Billions of people use the GPS satellite system every day to find their way to a location or to return home. However, these signals are disrupted in Russian cities. This breakdown in the navigation system has continued since Ukraine has launched long-range drones over Russian cities.
Various data analyses have revealed that several cities in Russia have been facing widespread GPS disruption in recent weeks. This follows the drone attack that Ukraine launched on Russian soil. One of the ways in which Vladimir Putin’s government has tried to stop this advance is by cutting the signal. For experts, this is the only possible measure to halt the advance of these devices, which depend on satellite navigation for their navigation.
GPS jamming, Erik Kannike explained, has “expanded on a scale not seen before.” The program manager of Estonian defense intelligence firm SensusQ has been monitoring the situation in Eastern Europe:
“What we are experiencing now, for the last week or so, are GPS jamming bubbles covering hundreds, if not thousands of kilometers around tactical cities.”
GPS signal problems
The problems with this monitoring system were first detected by GPSJam. This system uses aircraft data to track problems with the satellite navigation system. The website recorded increasing disruptions in the Russian cities of Saratov, Volgograd and Penza. This situation has been occurring since the beginning of December. We are talking about cities in western Russia and within hundreds of kilometers of the Ukrainian border.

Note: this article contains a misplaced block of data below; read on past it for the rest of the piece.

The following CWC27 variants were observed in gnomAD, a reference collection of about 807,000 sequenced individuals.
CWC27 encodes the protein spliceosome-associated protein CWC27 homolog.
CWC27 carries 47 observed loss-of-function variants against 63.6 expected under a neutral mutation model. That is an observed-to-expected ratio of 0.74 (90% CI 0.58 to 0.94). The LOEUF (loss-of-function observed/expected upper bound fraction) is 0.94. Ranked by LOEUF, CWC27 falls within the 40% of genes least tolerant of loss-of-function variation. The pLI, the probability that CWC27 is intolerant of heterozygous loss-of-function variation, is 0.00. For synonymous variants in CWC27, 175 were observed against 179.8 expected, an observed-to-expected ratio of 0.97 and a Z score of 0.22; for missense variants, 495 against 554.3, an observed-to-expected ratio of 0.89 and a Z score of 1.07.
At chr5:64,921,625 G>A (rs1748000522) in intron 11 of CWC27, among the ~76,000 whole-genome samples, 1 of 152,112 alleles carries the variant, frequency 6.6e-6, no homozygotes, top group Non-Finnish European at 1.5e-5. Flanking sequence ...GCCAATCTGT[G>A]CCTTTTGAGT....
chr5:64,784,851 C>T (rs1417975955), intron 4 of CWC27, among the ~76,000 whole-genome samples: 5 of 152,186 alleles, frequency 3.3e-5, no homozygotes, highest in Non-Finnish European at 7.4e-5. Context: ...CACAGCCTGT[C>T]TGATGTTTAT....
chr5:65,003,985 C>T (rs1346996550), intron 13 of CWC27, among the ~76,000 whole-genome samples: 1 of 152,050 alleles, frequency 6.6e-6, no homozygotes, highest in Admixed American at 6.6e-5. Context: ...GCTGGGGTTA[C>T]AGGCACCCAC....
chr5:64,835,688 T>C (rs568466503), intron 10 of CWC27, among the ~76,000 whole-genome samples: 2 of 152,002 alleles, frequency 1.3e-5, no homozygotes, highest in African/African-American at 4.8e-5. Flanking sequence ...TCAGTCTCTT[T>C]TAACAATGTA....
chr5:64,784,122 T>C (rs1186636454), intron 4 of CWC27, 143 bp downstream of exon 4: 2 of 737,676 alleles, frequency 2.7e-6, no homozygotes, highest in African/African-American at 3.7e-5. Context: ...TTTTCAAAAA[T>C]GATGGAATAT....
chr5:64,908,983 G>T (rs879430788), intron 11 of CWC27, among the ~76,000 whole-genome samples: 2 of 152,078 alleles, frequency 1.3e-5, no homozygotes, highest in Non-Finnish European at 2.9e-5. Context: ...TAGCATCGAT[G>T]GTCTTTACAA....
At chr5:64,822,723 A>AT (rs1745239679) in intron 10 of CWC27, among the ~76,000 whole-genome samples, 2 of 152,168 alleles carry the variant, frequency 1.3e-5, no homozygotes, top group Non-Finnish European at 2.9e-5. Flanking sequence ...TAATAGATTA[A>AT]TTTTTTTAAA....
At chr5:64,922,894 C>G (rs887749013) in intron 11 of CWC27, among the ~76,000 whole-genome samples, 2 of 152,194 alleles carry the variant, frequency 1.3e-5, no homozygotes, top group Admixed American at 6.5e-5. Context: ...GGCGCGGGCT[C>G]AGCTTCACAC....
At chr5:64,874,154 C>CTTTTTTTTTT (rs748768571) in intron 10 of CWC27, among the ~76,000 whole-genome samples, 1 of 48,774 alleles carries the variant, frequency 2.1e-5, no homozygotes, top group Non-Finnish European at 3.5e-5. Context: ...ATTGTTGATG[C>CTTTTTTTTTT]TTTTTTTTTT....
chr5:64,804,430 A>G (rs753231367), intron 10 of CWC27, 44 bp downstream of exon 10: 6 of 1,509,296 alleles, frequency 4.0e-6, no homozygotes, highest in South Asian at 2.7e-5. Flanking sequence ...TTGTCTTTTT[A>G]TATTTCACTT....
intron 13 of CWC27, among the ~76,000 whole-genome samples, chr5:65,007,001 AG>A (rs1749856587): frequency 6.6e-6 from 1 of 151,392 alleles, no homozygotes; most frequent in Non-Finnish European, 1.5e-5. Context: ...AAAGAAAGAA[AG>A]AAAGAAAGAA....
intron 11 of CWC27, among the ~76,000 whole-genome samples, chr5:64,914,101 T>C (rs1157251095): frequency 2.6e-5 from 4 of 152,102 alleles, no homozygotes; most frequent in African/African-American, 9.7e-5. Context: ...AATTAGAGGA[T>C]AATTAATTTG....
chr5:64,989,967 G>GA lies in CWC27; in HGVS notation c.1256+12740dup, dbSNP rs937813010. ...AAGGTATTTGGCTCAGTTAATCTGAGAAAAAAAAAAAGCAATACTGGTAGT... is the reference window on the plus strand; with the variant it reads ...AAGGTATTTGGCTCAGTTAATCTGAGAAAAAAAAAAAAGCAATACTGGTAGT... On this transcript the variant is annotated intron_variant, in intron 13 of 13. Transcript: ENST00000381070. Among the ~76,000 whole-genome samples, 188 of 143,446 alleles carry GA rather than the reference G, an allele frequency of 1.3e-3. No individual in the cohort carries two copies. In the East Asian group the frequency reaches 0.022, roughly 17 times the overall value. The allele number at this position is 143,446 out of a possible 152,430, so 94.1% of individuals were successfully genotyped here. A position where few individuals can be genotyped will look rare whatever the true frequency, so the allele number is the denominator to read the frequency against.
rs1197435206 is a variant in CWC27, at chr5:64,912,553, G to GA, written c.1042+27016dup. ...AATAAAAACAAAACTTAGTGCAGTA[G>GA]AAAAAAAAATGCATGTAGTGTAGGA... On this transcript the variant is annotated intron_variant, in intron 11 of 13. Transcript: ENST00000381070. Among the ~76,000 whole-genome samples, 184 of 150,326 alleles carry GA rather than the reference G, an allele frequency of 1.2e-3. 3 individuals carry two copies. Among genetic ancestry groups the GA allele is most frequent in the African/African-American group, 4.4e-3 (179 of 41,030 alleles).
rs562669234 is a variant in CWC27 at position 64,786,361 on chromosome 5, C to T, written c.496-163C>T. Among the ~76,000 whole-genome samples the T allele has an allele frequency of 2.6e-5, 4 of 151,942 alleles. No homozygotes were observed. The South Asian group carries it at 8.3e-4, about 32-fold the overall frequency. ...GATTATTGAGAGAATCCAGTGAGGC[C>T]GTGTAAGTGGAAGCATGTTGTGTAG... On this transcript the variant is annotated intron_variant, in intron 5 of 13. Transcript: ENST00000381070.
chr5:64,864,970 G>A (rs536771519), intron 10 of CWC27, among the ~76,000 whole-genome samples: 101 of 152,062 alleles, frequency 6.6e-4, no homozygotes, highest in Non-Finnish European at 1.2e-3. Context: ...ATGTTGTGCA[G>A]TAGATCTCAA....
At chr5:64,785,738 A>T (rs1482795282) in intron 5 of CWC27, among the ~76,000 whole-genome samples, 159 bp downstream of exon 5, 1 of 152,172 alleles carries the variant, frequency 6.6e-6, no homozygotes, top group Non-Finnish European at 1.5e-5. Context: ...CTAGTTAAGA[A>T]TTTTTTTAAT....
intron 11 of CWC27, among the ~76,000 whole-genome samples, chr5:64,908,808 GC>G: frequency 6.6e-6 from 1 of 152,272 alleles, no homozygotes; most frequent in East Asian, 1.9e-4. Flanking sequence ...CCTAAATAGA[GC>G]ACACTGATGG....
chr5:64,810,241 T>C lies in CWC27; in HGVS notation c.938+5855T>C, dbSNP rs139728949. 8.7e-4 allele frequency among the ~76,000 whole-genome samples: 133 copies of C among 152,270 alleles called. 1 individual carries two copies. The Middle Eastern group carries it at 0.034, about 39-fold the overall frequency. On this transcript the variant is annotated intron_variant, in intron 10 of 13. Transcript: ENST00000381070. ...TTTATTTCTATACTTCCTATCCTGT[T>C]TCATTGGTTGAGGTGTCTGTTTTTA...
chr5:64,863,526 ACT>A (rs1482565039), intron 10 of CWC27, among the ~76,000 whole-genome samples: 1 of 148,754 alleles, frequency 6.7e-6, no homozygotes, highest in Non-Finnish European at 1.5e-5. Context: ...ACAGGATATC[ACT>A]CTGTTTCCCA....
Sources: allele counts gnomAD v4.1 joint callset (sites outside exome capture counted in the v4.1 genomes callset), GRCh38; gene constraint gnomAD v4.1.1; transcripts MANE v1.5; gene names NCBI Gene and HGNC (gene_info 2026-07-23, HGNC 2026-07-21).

The interference recorded by GPSJam was mostly around Moscow. There, the Kremlin has been manipulating GPS connections for years. Since December 11, more and more areas of the country have experienced GPS signal interruptions. In addition, data collected by wireless data analytics company Aurora Insight is added. It measured an increase in GPS signal levels, which could be linked to these possible signal transfers in Russian cities.
Technology in the escalation of violence
After Russian forces entered Ukraine in February of this year, no GPS modifications or interferences were detected. In recent months, some signal drops have been recorded both in Russia and in areas close to Belarus. The company’s work also unveiled some disturbances in GPS signals on the Russian border with Finland. Jamming involves overriding radio signals so that devices do not function as intended. This is compounded by impersonation through false signals.
With GNSS being the most widely used system, GPS has become an “international utility” in recent decades. This has led to several organizations looking to help protect critical infrastructure. GPSJam presented a map showing the red dots of sites with the highest GPS signal interference.